2004 | First-order Logic, 2nd-order, Completeness |
§1 | p.303 | 10751 | Second-order logic needs the sets, and its consequence has epistemological problems |
§2 | p.304 | 10752 | Γ|-S says S can be deduced from Γ; Γ|=S says a good model for Γ makes S true |
§2 | p.305 | 10753 | Logical consequence is intuitively semantic, and captured by model theory |
§2 | p.306 | 10754 | In proof-theory, logical form is shown by the logical constants |
§3 | p.306 | 10756 | A model is a domain, and an interpretation assigning objects, predicates, relations etc. |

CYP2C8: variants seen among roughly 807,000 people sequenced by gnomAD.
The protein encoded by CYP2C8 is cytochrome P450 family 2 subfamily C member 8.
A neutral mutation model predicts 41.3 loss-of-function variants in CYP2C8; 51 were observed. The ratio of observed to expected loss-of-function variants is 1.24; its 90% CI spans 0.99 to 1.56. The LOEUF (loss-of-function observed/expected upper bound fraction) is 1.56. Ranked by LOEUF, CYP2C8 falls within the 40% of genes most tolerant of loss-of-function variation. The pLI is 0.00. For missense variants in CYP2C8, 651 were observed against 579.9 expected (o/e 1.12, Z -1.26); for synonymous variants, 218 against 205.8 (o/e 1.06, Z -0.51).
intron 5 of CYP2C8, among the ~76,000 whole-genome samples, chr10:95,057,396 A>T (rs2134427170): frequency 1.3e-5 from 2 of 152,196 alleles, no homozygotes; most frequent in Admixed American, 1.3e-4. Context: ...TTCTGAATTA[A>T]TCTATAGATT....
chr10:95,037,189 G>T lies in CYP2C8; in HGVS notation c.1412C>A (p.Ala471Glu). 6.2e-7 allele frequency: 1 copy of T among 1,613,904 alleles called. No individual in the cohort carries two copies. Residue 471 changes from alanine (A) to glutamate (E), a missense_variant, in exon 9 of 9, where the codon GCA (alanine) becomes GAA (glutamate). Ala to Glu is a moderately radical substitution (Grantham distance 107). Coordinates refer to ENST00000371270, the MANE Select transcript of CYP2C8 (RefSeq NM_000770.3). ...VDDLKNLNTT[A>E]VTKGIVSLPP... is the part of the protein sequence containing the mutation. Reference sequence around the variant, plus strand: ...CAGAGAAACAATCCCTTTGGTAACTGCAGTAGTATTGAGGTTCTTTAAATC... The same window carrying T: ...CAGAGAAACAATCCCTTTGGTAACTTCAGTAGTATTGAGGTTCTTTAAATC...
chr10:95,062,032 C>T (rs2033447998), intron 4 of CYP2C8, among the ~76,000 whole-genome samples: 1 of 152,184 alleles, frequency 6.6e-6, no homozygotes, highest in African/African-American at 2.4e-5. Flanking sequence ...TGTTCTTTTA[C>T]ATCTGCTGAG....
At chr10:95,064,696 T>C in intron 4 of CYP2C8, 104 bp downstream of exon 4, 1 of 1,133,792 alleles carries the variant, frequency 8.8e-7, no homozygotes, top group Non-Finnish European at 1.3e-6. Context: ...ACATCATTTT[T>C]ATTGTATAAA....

§3 | p.306 | 10755 | A deductive system is only incomplete with respect to a formal semantics |
§3 | p.307 | 10758 | If models of a mathematical theory are all isomorphic, it is 'categorical', with essentially one model |
§3 | p.307 | 10757 | Henkin semantics has a second domain of predicates and relations (in upper case) |
§3 | p.308 | 10759 | There are at least seven possible systems of semantics for second-order logic |
§4 | p.315 | 10760 | With possible worlds, S4 and S5 are sound and complete, but S1-S3 are not even sound |
§5 | p.317 | 10761 | Completeness can always be achieved by cunning model-design |